Being out, staying in: Noah
The coronavirus pandemic prevented a lot of people from celebrating Pride how they normally would this year. We’ve been talking to members of the Virgin Family about how they celebrate and why this year has been different.
Noah Springer works in marketing for Virgin Mobile Canada, focusing on their internet offering. We caught up with him to find out more about his experiences as an LGBTQ+ person in the workplace.
What has been your experience of being an LGBTQ+ person in the workplace at Virgin?
It's been pretty positive. To be honest, there's not a ton of LGBTQ+ representation at the office. There's a small handful of people but those people are awesome! And despite not necessarily having a lot of LGBTQ+ people that I'm working around all the time, there's still a lot of openness to it.
I remember last year when I went out for Pride everyone was so excited about it and I was telling everyone about my plans and they were all super interested. I organised an Oscar pool for the office and a RuPaul's Drag Race fantasy league. So despite being one of just a handful of LGBTQ+ people, the culture is thriving.
How does that compare to other places you've worked?
It's definitely more positive. Again, even though there isn't a ton of representation, at other offices I've worked in there's not been any kind of culture around it either. The nature of Virgin being such a hip and trendy and young place to be, people are a lot more open. It's even a lot more casual so I can have a RuPaul's Drag Race fantasy league, that would be kind of weird if I did that in a big corporate office. Virgin is really its own world within the industry. I'm so happy to be there because I can do stuff like that.
Would that be an important factor in choosing somewhere to work for you?
A thousand per cent. I'm actually really lucky, in my last role before this one my manager was also gay so I did really have that access and that support to be myself in the workplace. But without that, I wouldn't have had that support network. There wasn't a ton of LGBTQ+ people and it wasn't something that was talked about – not that it was taboo by any means, it was totally acceptable but there just wasn't the culture around it. There was definitely a part of me that was holding things in because they weren't for the workplace.
But the ability to unapologetically be myself and express my interests is really important. I want to be able to come to work in my pink denim jacket.
What would Pride look like for you normally?
First of all, there are multiple nights of Pride celebrations – it'll start on a Wednesday or Thursday and there will be different events. There's a big park in Toronto's Gay Village called Green Space and Toronto Pride will close that off and turn it into an outdoor bar and club area. They'll host drag shows and speakers in the evenings and community events during the day.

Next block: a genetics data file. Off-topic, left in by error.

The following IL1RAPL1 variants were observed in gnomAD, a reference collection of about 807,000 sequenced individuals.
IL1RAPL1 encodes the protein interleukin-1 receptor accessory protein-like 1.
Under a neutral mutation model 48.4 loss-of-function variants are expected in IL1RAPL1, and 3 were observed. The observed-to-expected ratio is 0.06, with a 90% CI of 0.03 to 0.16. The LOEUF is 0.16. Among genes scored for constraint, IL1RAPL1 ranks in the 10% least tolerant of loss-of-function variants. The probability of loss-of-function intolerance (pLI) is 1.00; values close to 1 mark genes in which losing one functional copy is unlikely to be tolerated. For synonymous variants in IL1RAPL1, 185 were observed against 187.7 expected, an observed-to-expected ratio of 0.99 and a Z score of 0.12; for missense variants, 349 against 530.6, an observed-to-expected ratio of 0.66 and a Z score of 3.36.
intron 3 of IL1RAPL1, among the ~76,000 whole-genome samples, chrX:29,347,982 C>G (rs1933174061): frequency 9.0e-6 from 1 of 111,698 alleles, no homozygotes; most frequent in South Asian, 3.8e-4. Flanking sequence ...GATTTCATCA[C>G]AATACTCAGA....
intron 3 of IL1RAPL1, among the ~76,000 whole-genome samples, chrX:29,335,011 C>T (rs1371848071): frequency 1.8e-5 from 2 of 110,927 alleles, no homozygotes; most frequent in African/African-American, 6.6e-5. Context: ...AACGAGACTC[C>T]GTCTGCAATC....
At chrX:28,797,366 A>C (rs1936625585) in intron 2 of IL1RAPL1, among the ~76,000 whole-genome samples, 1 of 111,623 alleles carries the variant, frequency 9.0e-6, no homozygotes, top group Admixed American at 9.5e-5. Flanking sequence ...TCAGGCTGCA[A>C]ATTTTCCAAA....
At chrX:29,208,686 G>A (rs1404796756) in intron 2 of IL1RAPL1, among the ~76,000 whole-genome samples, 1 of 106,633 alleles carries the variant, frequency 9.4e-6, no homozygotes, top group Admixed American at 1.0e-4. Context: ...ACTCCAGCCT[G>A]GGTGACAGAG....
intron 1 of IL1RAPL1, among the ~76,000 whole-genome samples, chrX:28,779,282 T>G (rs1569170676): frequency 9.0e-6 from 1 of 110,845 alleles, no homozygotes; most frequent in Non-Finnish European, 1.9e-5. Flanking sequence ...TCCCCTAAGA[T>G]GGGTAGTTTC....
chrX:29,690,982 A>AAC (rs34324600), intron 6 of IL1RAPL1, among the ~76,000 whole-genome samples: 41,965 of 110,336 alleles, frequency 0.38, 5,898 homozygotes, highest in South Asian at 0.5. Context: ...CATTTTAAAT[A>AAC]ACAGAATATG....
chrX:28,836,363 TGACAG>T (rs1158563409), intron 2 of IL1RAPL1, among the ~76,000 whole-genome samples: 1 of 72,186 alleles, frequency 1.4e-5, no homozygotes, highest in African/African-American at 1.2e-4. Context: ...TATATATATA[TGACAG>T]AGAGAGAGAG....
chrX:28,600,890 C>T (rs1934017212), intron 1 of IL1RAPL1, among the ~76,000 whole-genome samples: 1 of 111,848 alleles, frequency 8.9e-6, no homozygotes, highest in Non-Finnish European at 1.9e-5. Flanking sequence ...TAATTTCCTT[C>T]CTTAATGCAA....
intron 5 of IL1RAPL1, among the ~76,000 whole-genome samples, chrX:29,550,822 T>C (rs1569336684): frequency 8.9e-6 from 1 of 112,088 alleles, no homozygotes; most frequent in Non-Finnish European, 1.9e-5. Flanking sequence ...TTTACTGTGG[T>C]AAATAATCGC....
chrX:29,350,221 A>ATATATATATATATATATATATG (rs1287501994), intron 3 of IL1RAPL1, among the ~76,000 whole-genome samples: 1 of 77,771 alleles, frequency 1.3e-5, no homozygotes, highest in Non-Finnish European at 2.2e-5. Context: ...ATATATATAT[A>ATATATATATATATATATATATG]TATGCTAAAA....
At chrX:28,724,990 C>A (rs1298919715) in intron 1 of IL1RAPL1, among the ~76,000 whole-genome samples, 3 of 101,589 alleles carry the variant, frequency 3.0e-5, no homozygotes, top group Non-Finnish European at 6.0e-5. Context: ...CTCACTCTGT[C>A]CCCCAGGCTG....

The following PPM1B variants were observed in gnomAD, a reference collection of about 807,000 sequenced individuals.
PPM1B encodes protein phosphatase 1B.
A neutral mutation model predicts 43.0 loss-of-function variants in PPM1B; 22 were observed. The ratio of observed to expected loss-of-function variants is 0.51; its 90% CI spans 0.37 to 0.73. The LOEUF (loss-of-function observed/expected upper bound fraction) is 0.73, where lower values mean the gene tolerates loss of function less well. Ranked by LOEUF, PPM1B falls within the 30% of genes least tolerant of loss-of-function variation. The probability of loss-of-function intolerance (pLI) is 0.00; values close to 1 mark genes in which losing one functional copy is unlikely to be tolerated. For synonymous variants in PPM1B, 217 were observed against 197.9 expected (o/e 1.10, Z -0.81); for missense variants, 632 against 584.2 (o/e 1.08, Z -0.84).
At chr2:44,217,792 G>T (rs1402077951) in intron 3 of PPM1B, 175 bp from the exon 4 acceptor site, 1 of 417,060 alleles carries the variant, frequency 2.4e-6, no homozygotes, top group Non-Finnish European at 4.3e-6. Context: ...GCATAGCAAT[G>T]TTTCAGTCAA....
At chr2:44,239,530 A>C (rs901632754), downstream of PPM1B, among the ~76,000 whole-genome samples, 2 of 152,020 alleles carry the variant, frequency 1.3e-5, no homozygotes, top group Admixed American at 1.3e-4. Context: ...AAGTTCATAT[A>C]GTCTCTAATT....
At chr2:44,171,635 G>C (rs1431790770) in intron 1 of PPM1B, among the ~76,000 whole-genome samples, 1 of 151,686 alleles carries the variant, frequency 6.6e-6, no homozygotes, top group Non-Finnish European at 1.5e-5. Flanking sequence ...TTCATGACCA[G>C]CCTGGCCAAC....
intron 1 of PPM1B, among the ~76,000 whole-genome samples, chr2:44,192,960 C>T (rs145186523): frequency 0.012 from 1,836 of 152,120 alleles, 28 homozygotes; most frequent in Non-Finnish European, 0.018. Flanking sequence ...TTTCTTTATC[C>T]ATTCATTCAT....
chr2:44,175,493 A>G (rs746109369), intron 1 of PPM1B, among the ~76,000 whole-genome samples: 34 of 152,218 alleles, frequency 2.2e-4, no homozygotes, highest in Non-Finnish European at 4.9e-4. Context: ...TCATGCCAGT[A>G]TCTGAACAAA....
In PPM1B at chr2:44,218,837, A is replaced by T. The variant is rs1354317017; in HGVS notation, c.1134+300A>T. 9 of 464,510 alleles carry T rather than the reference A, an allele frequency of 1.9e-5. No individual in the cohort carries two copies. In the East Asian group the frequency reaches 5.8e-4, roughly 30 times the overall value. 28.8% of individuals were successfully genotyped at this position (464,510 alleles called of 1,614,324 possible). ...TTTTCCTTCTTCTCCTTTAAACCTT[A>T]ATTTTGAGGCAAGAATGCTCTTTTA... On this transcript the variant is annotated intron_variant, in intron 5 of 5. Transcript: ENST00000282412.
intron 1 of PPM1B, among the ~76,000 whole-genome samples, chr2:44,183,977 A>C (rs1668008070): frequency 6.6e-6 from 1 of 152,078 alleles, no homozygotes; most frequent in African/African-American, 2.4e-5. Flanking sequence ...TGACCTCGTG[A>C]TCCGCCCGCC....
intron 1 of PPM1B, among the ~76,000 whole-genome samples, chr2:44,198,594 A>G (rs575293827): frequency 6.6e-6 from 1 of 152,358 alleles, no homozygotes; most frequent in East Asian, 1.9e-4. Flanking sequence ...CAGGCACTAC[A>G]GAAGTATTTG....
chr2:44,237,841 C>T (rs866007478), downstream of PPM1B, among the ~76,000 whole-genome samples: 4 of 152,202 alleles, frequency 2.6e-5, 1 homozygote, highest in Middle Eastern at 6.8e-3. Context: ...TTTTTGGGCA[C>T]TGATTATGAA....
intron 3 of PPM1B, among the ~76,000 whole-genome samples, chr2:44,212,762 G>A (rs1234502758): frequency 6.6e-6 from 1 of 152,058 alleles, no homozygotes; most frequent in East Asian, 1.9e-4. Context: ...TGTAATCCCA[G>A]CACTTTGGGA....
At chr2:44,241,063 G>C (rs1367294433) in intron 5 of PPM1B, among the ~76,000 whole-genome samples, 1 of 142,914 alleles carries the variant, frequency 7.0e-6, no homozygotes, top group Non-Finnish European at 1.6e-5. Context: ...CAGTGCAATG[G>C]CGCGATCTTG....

At the weekend we'll go out and celebrate. On the Sunday I normally get a group of friends together to walk through the gay-bourhood and visit the stalls and support the LGBTQ+ artists who have shops there.
How was this year different?
We've tried to make the best of it this year. I recently discovered that one of Toronto's top drag queens, Sofonda Cox, lives around the corner from me. And every Friday night she puts on a show for anyone who shows up. And they collect money to support frontline workers during the coronavirus pandemic. So I was at their special Pride show on the Friday night.
Then I had a barbecue with some friends and we joined the Pride Live Stonewall Day live stream. Then in the evening we did an outdoor, socially distanced Pride party. It just about made up for the hole in my heart this year.
Why is Pride important to you?
Pride is important to me because, although I go out and celebrate it, it's not really a celebration is it? Pride started as a protest, it was a protest that would turn into a riot at The Stonewall Inn. So really, it should be a recognition of the rights that gay people have gained in some parts of the world. But also a recognition of the rights that they lack in a lot of places. I think it's really important to note that we still have members of the transgender community who are basically being murdered in parts of the world. Gay people are stoned in some countries.
To me, Pride is important because it gives us the ability to be who we are. It's a strong symbol for what it can be, while still recognising that we're not there yet.